When a naval cruiser sinks in mysterious circumstances, all
aboard are lost. Rose is saddened to learn that the brother
of her friend, Keisha, was among the dead - but then he appears
before them as a ghostly apparition. As the dead crew haunts
loved ones all over London, the Doctor, Rose, Mickey and Keisha
are drawn into a chilling mystery. What sinister force sank
the ship, and why...?
strangely, this book, like its predecessor, Jacqueline Rayner's
The Stone Rose, is
an Earth-based story featuring the recurring characters of
Mickey Smith and Jackie Tyler. These characters don't usually
appear in consecutive stories, so there is a risk that the
series might be perceived as lacking variety. In both books,
the Doctor and Rose have already arrived as the story begins.
However, whereas the TARDIS crew spent relatively little time
in present-day London during The Stone Rose, here it
is the primary setting. It is possible, therefore, that the
Doctor and Rose immediately returned to the present day following
their trip to ancient Rome, perhaps to check up on Rose's
statue and to ensure that history had not been affected by
and - in particular - Mickey play larger roles in this novel
than they did in the previous one. In fact, Mickey seems well
on his way to becoming a full-blown companion, as he will
do later on in the current TV series.
major character is Rose's friend, Keisha, who is introduced
here as part of the once close-knit gang of Rose, Keisha and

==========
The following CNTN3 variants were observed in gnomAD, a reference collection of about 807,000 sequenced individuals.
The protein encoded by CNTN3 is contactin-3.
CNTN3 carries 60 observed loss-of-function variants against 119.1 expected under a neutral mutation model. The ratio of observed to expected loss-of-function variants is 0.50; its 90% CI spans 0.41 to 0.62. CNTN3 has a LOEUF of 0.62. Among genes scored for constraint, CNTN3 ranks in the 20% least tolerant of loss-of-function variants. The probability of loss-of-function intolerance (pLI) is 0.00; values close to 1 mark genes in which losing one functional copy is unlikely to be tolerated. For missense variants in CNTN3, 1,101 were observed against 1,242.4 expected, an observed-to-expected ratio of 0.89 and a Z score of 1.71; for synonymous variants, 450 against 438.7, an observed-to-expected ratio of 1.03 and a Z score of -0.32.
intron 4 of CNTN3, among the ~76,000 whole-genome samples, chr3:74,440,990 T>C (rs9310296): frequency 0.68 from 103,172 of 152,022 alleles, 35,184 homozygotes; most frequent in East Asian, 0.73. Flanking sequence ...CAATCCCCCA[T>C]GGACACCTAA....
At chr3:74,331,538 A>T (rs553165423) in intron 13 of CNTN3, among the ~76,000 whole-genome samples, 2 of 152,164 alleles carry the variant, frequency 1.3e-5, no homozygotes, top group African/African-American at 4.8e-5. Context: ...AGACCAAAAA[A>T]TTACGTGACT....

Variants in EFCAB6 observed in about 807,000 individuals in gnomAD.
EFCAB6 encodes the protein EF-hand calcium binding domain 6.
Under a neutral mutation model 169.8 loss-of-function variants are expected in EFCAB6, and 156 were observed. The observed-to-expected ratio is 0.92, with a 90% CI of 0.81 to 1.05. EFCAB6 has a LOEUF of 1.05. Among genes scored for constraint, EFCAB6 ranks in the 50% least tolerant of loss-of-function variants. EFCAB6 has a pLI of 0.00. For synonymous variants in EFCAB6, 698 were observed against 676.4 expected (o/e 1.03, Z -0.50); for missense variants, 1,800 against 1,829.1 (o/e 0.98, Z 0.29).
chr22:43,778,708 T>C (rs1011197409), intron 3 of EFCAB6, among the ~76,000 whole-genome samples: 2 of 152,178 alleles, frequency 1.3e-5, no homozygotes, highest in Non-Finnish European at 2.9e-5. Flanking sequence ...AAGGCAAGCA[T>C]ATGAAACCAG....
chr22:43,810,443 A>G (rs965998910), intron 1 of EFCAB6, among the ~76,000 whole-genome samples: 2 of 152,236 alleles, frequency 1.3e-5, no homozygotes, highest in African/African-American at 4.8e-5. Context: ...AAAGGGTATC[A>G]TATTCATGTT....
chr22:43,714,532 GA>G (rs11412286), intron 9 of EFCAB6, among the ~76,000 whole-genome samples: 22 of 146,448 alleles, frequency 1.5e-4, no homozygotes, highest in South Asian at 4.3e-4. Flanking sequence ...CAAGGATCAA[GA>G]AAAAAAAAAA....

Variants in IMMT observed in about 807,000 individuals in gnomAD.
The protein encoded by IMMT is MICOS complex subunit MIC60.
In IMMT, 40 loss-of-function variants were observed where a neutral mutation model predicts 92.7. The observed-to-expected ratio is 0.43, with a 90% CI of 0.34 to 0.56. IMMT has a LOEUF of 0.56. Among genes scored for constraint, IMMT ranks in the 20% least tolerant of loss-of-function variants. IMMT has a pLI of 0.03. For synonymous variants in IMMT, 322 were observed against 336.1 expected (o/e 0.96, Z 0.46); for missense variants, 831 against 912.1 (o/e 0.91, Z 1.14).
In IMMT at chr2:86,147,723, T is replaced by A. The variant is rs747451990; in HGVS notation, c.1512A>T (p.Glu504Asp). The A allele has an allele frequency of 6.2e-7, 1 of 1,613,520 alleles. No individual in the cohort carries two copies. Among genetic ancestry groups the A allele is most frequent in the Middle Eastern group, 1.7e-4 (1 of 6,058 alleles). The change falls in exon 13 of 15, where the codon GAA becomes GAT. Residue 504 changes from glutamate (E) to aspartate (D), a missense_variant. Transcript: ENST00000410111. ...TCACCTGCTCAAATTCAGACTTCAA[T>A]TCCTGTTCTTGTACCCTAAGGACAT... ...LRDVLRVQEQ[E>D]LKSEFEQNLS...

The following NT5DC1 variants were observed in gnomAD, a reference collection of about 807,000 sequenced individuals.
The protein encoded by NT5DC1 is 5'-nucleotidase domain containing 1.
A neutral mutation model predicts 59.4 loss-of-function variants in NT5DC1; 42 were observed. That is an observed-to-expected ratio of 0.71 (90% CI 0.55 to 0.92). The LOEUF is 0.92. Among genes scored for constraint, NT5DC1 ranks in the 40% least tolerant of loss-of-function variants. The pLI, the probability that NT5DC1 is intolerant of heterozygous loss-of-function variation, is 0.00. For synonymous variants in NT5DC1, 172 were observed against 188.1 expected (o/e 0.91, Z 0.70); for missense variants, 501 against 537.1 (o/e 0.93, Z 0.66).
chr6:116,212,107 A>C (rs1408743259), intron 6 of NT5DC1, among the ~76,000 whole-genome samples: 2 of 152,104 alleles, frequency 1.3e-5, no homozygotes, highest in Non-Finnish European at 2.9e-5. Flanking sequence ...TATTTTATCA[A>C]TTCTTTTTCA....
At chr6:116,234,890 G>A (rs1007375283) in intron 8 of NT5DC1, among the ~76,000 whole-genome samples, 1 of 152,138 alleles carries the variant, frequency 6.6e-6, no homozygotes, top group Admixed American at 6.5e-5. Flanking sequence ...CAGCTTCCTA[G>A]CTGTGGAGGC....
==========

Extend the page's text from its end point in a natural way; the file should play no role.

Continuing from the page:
Shareen. Rose's best mate Shareen has been mentioned several
times on the TV show, but presumably Cole has chosen to invent
a new friend (or the BBC insisted) rather than make use of
Shareen, in case the character were to appear in a subsequent
television episode that might contradict this book.
While clearly set after the episode New Earth (in which
both Rose and the Doctor make frequent mention of the Time
Lord's new appearance and character), the Tenth Doctor is
evidently still getting used to his new body, as he refers
again to the weirdness of having new teeth.
the page count is the same as normal for these young-adult
hardbacks, the type is considerably smaller. This means that,
by my estimation, the story lasts 25 per cent longer than
usual. It is also a little more adult in tone. For example,
one character gives another a two-fingered salute, there is
talk of Mickey and Keisha having a one-night stand following
Rose's initial disappearance, and Cole's descriptions of the
reanimated victims of drowning (with their pearly eyes and
water dribbling from every facial orifice) are fairly gruesome.
Feast of the Drowned makes substantial fodder for Doctor
Who readers of all ages. It is, dare I say it, something
of a feast.
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